New tech can reduce HGV emissions by a third

HGV

Improved fuel efficiency could reduce HGV emissions by up to 32% according to a study undertaken by T&E.

Using its European Union Transport Roadmap Model (EUTRM) tool, T&E has calculated the emissions reduction potential of fuel efficiency technologies for lorries. The environmental lobbying organisation analysed off-the-shelf strategies such as improving fuel efficiency in diesel lorries or moving more freight into railways. In addition, it also assessed investigated the possibility of fully decarbonising the road freight sector using catenary-hybrid, battery electric, hydrogen and power-to-liquid technologies.

HGV emissions

The business-as-usual-scenario (solid line) assumes that without targeted policy measures the vehicle efficiency of long haul delivery trucks would only gradually improve by 10% in the 2010-2030 period, given that truck fuel efficiency of the average fleet has stagnated in the last 20 years. Smaller trucks would only improve by 6%. On the other hand, in the scenario where fuel efficiency is untapped (dashed line), we estimated a 40% fuel efficiency improvement. Many of these technologies are state-of-the-art technologies, with a short payback period of 2-3 years. For smaller trucks, the potential was estimated at 25% improvement by 2030 compared to 2010, with technologies on the market being combined with others soon to reach market maturity. For buses a 25% improvement is assumed over the same time frame.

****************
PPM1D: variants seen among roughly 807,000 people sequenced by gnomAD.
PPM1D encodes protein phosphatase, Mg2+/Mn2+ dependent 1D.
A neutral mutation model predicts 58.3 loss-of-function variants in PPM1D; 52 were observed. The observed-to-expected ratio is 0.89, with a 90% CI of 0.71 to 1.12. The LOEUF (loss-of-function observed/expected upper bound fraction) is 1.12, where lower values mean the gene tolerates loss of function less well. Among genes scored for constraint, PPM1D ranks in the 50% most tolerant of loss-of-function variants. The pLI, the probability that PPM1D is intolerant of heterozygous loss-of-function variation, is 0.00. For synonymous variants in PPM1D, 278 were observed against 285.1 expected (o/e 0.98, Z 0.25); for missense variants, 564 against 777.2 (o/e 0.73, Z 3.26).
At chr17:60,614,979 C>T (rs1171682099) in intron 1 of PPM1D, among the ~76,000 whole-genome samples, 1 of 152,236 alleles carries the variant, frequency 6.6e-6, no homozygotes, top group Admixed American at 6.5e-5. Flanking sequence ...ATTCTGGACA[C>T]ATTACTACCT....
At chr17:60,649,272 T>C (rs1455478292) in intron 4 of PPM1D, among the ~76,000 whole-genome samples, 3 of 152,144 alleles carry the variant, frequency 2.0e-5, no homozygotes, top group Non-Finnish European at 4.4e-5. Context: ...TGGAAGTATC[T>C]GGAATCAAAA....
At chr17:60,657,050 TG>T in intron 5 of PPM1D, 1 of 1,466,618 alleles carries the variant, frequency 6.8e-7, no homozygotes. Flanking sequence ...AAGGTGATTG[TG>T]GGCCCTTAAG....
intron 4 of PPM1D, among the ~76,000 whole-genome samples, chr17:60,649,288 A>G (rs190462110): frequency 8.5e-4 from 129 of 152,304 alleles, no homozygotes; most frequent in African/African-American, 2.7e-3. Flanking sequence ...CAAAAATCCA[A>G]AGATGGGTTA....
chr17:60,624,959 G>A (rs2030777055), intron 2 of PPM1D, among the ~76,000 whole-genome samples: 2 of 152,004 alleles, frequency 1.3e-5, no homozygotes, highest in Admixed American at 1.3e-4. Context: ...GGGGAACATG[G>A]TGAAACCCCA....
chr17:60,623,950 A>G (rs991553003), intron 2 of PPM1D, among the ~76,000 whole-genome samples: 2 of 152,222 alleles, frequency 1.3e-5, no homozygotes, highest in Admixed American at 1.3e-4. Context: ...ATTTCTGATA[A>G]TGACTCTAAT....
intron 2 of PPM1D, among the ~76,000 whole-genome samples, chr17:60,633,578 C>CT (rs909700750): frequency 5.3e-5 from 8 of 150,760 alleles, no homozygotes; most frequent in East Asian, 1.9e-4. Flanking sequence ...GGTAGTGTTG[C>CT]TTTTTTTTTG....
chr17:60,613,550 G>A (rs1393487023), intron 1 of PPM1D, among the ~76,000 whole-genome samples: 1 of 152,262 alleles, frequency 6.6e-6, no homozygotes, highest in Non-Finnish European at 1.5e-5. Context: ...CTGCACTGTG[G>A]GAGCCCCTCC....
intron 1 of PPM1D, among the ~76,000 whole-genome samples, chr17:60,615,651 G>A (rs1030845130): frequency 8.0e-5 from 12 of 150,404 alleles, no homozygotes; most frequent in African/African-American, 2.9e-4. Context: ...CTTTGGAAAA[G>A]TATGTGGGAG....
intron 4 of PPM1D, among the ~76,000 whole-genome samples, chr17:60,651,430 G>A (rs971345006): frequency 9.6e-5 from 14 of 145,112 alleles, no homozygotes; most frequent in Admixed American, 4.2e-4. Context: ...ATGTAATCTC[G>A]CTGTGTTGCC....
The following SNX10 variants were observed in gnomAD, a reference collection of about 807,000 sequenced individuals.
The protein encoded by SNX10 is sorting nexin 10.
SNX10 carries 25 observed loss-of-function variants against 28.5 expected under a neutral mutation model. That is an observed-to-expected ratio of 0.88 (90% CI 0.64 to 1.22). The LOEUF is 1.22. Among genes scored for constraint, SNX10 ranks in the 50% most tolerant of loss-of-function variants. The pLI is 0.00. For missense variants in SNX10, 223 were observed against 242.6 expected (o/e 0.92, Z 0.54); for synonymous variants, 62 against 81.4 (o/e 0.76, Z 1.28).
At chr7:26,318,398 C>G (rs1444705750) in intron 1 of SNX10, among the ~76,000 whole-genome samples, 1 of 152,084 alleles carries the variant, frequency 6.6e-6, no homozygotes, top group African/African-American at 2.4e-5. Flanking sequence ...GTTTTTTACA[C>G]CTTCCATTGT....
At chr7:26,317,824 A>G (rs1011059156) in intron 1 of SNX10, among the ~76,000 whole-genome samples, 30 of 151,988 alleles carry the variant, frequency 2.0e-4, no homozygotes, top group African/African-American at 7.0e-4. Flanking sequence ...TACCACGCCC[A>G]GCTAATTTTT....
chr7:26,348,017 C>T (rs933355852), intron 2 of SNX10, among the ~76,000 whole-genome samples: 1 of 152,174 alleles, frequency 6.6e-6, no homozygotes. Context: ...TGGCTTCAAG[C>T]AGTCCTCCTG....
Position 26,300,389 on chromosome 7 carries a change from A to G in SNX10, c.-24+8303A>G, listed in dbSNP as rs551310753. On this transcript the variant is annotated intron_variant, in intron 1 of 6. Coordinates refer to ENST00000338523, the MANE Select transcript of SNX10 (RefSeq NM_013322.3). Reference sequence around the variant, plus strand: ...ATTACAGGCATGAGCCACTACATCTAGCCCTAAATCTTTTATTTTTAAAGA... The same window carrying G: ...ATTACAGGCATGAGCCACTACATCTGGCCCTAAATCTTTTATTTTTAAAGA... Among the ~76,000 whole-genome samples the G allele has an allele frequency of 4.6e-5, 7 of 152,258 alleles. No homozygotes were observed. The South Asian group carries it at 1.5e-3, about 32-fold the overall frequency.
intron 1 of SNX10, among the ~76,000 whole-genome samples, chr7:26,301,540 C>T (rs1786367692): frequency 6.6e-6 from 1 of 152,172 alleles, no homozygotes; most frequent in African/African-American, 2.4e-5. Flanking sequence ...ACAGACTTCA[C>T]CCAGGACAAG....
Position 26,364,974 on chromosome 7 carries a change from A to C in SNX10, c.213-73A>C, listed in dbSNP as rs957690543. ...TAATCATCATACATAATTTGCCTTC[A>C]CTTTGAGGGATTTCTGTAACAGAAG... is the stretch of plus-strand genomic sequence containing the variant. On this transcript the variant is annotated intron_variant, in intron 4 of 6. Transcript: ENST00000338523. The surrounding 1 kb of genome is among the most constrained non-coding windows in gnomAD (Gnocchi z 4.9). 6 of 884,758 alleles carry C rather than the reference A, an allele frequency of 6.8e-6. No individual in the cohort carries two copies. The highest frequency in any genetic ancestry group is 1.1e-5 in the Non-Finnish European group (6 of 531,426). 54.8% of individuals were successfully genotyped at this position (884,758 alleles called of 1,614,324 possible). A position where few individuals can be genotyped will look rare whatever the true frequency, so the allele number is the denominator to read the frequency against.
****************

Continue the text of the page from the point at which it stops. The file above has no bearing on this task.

The European Commission is planning to introduce Europe’s first CO2 standard for some lorry categories in 2018.  However, in order to meet the goals of the Paris agreement, transport needs to reach zero emissions by 2050, including land freight.

T&E has conducted an in-house study to spark debate at EU level on the measures necessary to reach this challenging goal. From the graph above, it is clear that, beyond the implementation of fuel efficiency standards for heavy-duty vehicles, the EU needs a long-term decarbonisation strategy for land freight if it is to take the Paris agreement seriously.

More information on this story at transportenvironment.org/newsroom

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